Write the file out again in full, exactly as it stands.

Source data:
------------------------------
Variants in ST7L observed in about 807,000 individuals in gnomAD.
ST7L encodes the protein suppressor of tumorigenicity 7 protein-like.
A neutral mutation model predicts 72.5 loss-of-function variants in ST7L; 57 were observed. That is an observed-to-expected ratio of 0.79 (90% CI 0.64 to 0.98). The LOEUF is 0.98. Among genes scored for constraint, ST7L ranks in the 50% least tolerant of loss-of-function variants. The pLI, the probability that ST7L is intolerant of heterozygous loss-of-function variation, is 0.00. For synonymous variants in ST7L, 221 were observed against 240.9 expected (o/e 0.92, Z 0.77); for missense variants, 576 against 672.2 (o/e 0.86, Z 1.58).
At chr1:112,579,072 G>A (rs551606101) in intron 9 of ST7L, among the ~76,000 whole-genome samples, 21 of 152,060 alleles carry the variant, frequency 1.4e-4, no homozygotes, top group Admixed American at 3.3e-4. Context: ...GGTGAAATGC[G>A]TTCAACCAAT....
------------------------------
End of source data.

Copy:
Variants in ST7L observed in about 807,000 individuals in gnomAD.
ST7L encodes the protein suppressor of tumorigenicity 7 protein-like.
A neutral mutation model predicts 72.5 loss-of-function variants in ST7L; 57 were observed. That is an observed-to-expected ratio of 0.79 (90% CI 0.64 to 0.98). The LOEUF is 0.98. Among genes scored for constraint, ST7L ranks in the 50% least tolerant of loss-of-function variants. The pLI, the probability that ST7L is intolerant of heterozygous loss-of-function variation, is 0.00. For synonymous variants in ST7L, 221 were observed against 240.9 expected (o/e 0.92, Z 0.77); for missense variants, 576 against 672.2 (o/e 0.86, Z 1.58).
At chr1:112,579,072 G>A (rs551606101) in intron 9 of ST7L, among the ~76,000 whole-genome samples, 21 of 152,060 alleles carry the variant, frequency 1.4e-4, no homozygotes, top group Admixed American at 3.3e-4. Context: ...GGTGAAATGC[G>A]TTCAACCAAT....